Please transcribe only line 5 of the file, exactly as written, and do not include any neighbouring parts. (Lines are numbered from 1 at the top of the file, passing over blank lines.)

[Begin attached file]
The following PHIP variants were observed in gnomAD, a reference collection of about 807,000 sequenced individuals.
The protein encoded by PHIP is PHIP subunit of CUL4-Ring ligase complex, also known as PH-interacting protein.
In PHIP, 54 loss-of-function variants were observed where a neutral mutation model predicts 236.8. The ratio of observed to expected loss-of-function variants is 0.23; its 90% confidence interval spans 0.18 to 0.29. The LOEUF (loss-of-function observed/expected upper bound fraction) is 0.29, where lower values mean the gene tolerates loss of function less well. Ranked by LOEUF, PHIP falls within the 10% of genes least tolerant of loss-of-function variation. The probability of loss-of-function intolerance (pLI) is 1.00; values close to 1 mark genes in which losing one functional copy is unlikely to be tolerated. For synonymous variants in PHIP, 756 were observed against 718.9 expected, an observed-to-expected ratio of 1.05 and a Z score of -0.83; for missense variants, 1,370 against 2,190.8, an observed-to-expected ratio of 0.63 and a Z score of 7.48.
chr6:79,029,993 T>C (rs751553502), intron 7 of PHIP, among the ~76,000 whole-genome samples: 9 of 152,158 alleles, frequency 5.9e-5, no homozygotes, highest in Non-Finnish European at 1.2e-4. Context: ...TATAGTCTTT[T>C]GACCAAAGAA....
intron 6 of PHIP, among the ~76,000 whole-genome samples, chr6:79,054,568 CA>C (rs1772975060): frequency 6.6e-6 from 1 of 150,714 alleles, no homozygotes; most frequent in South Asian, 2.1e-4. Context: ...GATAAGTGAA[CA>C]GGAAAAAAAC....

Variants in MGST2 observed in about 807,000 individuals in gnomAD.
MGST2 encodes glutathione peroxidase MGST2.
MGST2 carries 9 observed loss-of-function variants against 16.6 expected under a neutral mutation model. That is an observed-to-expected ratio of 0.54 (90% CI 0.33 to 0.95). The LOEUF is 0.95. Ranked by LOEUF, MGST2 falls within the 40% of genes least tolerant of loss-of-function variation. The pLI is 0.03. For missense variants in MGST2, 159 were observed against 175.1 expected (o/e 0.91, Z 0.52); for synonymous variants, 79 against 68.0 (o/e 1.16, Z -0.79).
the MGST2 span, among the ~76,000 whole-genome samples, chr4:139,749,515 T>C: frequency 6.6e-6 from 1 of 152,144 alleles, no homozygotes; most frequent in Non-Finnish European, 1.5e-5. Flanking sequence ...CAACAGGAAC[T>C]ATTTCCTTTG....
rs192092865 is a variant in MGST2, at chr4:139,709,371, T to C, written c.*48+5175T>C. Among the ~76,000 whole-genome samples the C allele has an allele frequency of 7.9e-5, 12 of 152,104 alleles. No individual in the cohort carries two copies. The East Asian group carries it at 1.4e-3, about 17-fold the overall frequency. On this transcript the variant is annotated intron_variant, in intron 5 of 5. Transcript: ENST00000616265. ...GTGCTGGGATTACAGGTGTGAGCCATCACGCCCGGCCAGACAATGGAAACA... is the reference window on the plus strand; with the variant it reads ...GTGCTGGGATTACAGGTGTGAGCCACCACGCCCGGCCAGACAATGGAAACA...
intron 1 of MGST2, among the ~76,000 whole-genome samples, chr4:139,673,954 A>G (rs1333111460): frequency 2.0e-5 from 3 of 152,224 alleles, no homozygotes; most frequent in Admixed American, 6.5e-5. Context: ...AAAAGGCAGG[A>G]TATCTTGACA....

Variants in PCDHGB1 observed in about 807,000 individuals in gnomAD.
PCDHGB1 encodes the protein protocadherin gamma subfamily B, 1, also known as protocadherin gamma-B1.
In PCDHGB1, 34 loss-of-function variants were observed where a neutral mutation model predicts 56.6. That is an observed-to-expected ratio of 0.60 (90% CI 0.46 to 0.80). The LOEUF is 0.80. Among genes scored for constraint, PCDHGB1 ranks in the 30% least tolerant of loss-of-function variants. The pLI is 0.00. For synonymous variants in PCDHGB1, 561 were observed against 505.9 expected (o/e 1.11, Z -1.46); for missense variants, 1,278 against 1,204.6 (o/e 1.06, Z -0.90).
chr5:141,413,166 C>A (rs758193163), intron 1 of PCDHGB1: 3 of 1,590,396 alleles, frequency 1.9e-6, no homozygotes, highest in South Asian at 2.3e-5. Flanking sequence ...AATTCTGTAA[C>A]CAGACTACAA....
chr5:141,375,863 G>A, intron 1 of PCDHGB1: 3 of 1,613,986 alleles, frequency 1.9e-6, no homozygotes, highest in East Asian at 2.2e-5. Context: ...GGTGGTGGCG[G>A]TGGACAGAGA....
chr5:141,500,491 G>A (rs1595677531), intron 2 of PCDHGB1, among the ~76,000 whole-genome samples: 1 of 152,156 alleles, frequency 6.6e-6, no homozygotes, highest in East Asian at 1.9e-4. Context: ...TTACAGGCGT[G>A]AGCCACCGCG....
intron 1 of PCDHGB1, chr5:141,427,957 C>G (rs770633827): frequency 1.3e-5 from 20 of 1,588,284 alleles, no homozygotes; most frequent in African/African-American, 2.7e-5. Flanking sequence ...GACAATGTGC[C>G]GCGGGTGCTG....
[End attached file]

intron 6 of PHIP, among the ~76,000 whole-genome samples, chr6:79,054,568 CA>C (rs1772975060): frequency 6.6e-6 from 1 of 150,714 alleles, no homozygotes; most frequent in South Asian, 2.1e-4. Context: ...GATAAGTGAA[CA>C]GGAAAAAAAC....